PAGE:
Monday, March 14, 2011

Monday Phenology: March 14, 2011

Posted by Kirk
Sunrise this morning was at 7:29 AM which seems like a step backwards because of Daylight Saving Time. The good news is that the sun now seems to stay up an hour later in the evening. I'm not a big fan. For one, it means I'm putting my kid to bed when the sun is still up which he finds confusing. Secondly, it means evening astronomy programs have to occur so late in the evening that kids have trouble staying up late enough for it to really get dark. I get the idea behind it, that we have more evening light, but by the time summer comes around we have more sunlight than we know what to do with it. Because of Daylight Saving Time, sunset on the summer solstice will be at 9:03 PM and it won't actually get dark until close to 11:36 PM.

Sunset today will be at 7:16 PM and the length of the daylight will be 11 hours, 46 minutes and 28 seconds long. Be sure to make use of those 28 seconds. Every day this week we add 3 minutes and 9 seconds of daylight.

If you missed the planet Mercury last month you still have time to catch it this week. This is one case where daylight saving time may actually help as you'll be home from work "earlier" relative to reality. Mercury is just 2° north of bright Jupiter in the evening sky on the 15th. Look about 45 minutes after sunset. Since we're back to getting up before the sun, look for Venus in the morning sky as well. She's that bright looking "star" in the southeast every morning.

This past week was full of interesting phenology. On Monday, our director spotted a migrating Broad-winged hawk near Scandia, MN. Naturalist Paul Smithson reported a flock of American Tree Sparrows as well. Tuesday we spent some of the day outside getting the sugar bush ready to tap for maple syruping. The buds were swelling on the trees and we heard a lone Canada Goose honking as it flew overhead. We also heard a red-tailed hawk call. Later in the day, I heard the first of the year red-shouldered hawk calling and poked my head outside just in time to see it fly over the building. I'm assuming this is the male from a pair that have nested here for years. Maple syruping is partly so much fun because of all the signs of spring you notice.

Wednesday morning I finally brought my camera along to take photos of all the horned larks along the roads on the way to work. Luckily, we missed the brunt of the big snow storm that day. Some people are probably disappointed that it hurts our chance of a record breaking winter snow total but I, for one, am done shoveling. I'm also not a big fan of hauling maple sap though deep snow.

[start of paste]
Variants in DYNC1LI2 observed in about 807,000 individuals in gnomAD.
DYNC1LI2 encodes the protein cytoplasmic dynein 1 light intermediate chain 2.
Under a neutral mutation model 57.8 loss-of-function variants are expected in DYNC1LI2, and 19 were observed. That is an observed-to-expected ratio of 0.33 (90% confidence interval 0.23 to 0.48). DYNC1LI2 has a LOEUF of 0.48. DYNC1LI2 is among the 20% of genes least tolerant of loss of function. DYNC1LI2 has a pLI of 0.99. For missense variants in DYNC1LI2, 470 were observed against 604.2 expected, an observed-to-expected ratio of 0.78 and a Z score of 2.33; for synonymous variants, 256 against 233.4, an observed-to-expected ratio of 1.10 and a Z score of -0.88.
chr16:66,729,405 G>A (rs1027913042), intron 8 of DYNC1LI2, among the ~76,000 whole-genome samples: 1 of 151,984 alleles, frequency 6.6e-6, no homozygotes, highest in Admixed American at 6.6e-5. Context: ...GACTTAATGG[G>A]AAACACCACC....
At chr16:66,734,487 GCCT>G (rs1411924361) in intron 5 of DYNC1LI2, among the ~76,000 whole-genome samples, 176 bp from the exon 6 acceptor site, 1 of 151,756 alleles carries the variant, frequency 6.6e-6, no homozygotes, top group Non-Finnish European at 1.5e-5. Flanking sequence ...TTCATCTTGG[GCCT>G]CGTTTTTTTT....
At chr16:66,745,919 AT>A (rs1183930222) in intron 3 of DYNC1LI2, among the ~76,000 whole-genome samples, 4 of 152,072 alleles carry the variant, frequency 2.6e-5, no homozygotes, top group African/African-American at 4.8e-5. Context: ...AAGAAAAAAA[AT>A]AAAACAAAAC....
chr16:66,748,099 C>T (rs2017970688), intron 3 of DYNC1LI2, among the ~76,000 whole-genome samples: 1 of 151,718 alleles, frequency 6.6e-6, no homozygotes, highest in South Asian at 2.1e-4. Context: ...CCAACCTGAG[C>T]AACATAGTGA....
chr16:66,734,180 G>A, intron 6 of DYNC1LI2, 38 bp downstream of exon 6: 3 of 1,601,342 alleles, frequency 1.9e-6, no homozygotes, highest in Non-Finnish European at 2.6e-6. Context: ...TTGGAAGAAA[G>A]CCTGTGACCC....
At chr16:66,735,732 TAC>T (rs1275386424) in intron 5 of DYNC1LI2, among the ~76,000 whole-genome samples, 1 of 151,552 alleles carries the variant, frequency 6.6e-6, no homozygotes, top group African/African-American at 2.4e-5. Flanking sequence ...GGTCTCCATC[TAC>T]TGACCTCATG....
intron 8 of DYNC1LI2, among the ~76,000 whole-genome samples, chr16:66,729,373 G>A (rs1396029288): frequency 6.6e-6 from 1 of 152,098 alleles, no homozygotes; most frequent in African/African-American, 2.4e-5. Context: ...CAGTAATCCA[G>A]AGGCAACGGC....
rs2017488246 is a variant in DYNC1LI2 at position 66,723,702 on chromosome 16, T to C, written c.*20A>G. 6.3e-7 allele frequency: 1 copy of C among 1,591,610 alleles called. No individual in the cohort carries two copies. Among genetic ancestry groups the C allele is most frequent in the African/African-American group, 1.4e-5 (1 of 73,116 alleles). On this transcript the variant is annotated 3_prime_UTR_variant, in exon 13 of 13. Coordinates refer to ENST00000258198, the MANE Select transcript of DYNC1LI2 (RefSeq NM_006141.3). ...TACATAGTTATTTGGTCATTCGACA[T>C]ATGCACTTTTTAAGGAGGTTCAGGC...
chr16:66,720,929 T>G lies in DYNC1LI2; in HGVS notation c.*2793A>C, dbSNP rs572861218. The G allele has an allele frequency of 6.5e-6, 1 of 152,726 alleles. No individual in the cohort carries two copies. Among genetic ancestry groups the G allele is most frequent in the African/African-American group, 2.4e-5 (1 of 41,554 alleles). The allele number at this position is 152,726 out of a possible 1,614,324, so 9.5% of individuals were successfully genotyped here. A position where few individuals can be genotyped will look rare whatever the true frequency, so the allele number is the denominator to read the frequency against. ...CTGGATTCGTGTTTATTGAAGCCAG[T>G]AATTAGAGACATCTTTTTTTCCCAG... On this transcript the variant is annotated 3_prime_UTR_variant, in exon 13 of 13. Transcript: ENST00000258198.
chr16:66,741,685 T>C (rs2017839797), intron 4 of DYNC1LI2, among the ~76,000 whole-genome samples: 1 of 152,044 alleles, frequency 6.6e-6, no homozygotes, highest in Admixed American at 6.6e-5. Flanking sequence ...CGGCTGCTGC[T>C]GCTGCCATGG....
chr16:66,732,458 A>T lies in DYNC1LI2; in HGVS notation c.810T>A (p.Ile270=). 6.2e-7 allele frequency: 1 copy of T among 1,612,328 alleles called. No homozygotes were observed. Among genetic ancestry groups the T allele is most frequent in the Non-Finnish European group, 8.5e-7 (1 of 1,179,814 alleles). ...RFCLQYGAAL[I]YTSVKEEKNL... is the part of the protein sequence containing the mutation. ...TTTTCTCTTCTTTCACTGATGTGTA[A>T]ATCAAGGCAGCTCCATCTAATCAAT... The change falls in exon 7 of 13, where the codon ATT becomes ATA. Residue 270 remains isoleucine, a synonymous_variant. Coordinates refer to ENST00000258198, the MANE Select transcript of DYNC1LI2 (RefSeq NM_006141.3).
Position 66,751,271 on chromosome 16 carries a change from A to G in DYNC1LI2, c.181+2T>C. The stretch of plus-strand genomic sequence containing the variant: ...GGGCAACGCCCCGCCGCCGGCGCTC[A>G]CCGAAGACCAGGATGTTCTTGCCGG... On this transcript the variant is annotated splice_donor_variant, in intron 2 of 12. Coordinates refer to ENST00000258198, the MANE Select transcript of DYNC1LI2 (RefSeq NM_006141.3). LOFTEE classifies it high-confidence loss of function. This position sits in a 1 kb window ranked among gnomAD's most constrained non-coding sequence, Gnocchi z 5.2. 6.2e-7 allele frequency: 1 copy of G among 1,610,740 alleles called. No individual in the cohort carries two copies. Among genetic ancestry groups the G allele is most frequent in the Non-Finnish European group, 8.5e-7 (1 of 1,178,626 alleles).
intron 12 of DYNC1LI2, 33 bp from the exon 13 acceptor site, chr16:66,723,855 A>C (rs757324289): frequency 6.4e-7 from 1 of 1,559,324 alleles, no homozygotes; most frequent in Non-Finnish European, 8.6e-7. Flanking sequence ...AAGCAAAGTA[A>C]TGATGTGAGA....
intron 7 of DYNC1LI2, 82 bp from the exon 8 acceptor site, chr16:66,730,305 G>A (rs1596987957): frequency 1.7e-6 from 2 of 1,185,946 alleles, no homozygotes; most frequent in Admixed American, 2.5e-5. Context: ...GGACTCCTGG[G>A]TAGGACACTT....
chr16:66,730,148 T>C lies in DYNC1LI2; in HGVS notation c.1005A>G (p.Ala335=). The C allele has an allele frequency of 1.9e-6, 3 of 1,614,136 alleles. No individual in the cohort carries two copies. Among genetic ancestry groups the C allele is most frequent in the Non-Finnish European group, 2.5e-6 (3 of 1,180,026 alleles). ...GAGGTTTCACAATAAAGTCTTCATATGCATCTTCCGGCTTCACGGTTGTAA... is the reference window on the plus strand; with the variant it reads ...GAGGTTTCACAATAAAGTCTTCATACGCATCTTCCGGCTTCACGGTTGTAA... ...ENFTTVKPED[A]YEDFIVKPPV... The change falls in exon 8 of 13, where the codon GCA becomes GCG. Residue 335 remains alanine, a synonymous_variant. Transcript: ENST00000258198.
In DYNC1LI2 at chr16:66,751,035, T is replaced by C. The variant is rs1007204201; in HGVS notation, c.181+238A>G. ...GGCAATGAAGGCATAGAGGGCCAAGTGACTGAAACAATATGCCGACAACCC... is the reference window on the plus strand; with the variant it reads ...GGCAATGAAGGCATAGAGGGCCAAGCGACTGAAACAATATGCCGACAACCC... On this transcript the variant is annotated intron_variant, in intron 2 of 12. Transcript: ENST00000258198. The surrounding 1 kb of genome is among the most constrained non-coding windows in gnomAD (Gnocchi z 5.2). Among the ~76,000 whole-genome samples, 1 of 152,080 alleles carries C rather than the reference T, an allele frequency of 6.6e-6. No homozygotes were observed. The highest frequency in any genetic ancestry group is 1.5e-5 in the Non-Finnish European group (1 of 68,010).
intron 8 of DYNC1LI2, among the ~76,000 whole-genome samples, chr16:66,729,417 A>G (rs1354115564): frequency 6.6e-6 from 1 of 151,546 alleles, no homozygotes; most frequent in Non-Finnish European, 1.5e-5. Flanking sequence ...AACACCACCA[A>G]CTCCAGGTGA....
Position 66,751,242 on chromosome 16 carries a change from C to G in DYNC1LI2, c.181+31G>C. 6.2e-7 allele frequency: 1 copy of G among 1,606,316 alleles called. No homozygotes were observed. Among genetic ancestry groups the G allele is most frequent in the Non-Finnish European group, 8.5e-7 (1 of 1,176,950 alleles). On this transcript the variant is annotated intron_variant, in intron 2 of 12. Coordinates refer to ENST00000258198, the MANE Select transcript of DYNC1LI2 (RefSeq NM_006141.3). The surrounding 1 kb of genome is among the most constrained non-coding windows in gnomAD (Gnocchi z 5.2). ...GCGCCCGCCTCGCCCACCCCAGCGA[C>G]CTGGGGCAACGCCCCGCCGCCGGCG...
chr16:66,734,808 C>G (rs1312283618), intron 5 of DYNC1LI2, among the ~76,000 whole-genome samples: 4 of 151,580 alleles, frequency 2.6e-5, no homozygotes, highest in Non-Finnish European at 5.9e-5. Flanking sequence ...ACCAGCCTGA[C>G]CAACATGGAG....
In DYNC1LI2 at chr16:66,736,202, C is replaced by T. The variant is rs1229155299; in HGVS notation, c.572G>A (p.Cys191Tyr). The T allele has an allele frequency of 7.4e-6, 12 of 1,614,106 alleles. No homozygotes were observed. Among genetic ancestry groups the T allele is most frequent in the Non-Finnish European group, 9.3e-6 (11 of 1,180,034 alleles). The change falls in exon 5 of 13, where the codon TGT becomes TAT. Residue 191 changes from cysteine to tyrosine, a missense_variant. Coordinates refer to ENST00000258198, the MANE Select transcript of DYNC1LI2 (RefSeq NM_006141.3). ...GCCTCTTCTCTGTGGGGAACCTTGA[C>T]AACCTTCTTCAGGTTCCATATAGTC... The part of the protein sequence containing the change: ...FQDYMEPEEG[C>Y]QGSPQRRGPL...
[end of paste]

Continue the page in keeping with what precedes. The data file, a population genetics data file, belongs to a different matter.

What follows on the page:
Thursday morning there was sap in the Maple Syrup bags which means the sap run actually started late on Wednesday. I also received news on Thursday that someone spotted the first Red-winged Blackbird in the Twin Cities. Thursday was also when we discovered a Great Horned Owl had visited the deer carcass we have in the prairie. We caught photos of it carrying of the deer's leg.

Friday, Naturalist Kathy Feste heard the first Sandhill Cranes of the year flying over the nature center. This is earlier than expected. I wasn't thinking we'd hear them for another week. They returned to northern Washington county on March 20th in 2006, 2007, and 2008. This year seems colder than other years so I actually thought they might be a little delayed. Perhaps these were just early birds and we'll start to see larger numbers by the end of the week. I saw my first American Kestrel of the year on Friday as well while driving through Stillwater.

Saturday was colder than I expected and my ears nearly got frostbitten when I went out to the sugar bush with a group of kids. I stupidly didn't wear a hat and it was only about 20° F outside. The little bit of sap in the bags (maybe a half gallon) was all frozen solid and none of the five trees we tapped were running.

Next Week:

Spring should really start to show itself this week. The forecast calls for above freezing high temps for pretty much every day. We should see a dramatic decrease in the snow pack, perhaps helped along by a little rain on Tuesday and a flirtation with 60° on next Sunday. The freezing and thawing cycle from night to day should really get the maple sap flowing this week. I also heard this week that Wood Ducks are in Iowa already. I keep hearing reports of woodcocks peenting in Michigan but it seems a bit early here still. Keep ears and eyes open for Sandhill Cranes, we know they are in the area. If you haven't seen them already, keep an eye open for large flocks of Turkeys gathering in farm fields getting ready to dance.

What are you seeing? Leave comments in the comments section.



Anonymous said...

I'm the opposite. I LOVE the extra light at night. I'm not a morning person so I don't care if it's light or dark when I'm dragging my butt to work. I'm just excited that I can take my dog for nice long walks again after work now that it's lighter & warmer. :)
~Other Sharon

Kirk said...

Oh there are advantages to be sure.

Unknown said...

Noted a lone lesser scaup on the Cannon River in Northfield yesterday, hanging out near some mallards.

Kirk said...

Nice! Thanks Penelope.